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Are You Headed to Court?

Avoiding Malpractice: Tips for Social Workers to Manage Risk

Are You Headed to Court?
  • Stop … collect your thoughs
  • Look … at your insurance policy
  • Listen … to the experts

Social workers receive a subpoena many times during their career. Sometimes many in one year. Legal defense and advisory costs for one subpoena usually cost the social worker up to $5,000, and may not be covered by the professional liability insurance policy, so the money to pay for legal advisory and defense comes out of the social worker’s wallet.

Do not automatically obey a subpoena. Act immediately to protect yourself and to avoid a contempt charge against you by the court.

STOP … LOOK at your professional liability insurance policy to see if you are covered for legal defense costs, then call and LISTEN to your insurance carrier’s claims representative for policy clarification. BEWARE, your insurance policy may not cover all subpoena legal defense matters. Some policies only cover a few types of subpoena matters, like producing medical records, maybe depositions, but not court appearances.

Your NASW-Endorsed Risk Retention Group Professional Liability insurance claims-made policy issued by NASW Assurance Services provides subpoena legal defense coverage for any matter, including your court appearances and your testimony. This is the broadest coverage in the insurance industry and the most comprehensive.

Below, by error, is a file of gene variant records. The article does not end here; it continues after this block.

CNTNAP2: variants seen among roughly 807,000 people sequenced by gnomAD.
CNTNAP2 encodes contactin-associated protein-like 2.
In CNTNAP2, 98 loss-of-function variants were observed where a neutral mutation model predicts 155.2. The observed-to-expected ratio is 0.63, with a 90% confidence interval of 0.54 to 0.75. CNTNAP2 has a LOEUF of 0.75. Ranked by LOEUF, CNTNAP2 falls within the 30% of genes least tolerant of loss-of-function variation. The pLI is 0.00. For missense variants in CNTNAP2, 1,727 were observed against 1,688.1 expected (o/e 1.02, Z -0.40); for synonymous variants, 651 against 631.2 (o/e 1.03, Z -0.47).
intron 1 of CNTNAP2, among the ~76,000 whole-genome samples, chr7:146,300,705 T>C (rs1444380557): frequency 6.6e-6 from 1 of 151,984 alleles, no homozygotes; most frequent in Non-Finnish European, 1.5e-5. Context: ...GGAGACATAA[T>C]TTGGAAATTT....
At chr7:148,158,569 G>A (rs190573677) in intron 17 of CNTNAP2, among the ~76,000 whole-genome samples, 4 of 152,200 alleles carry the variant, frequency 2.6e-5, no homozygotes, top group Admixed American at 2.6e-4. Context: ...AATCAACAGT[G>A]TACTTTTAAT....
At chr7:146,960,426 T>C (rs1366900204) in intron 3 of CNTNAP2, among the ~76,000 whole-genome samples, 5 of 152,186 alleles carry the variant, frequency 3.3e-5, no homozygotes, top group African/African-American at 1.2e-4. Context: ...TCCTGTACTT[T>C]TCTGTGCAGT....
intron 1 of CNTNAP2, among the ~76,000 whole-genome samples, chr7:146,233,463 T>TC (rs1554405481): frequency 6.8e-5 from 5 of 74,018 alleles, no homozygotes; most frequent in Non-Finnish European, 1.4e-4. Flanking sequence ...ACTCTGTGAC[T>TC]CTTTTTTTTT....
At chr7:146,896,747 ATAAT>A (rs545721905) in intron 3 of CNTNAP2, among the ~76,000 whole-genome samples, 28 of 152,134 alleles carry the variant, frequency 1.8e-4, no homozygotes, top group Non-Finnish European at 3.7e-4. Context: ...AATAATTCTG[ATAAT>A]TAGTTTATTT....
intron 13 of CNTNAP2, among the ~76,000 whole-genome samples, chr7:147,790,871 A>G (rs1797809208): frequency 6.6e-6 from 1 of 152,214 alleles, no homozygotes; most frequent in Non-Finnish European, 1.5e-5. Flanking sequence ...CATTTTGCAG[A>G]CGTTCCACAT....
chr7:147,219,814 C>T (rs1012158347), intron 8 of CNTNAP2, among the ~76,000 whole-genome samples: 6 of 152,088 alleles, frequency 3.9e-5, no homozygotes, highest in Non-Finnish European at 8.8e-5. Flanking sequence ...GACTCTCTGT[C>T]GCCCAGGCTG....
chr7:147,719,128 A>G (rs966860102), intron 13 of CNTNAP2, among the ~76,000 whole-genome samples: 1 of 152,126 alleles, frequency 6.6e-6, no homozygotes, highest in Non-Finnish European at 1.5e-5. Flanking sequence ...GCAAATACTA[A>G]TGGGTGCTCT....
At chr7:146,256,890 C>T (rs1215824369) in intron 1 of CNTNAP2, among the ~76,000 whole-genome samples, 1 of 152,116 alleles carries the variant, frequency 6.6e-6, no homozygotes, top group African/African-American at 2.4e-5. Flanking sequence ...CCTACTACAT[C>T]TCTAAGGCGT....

What is a Subpoena?

A subpoena is a court summons or “writ” ordering the social worker to appear in court to testify, or to produce records in a judicial, administrative, or other formal legal proceeding. Subpoenas served to social workers can occur from any matter such as divorce, child custody, personal injury, or sexual misconduct. Subpoenas can seek a social worker’s appearance at pre-trial depositions or at trial.

When a court issues an order instructing a social worker to testify or release records, the social worker has no legal basis on which to refuse and can be held in contempt if she does not comply. The social worker could refuse to obey the court order as a matter of conscience, but she will be in contempt of court and face jail time, a fine, or both.

This is why you immediately need a lawyer in your venue to protect you and your rights.

Unfortunately, a subpoenaed person may not charge for her time in court or for lost income. A subpoenaed social worker is entitled to statutory fees for one day’s attendance and associated transportation costs, but this is minimal. The real catastrophic damage to the social worker will begin when she walks into court with no lawyer to protect her rights and to advise her.

Do you have a question you would like to see addressed in the Tip of the Month, or wish we would address a previous Tip in more detail? We welcome your ideas! Please email suggestions to asi@naswasi.org (include “Tip Idea” in the email title). A new topic will be profiled each month.

Published April 2014

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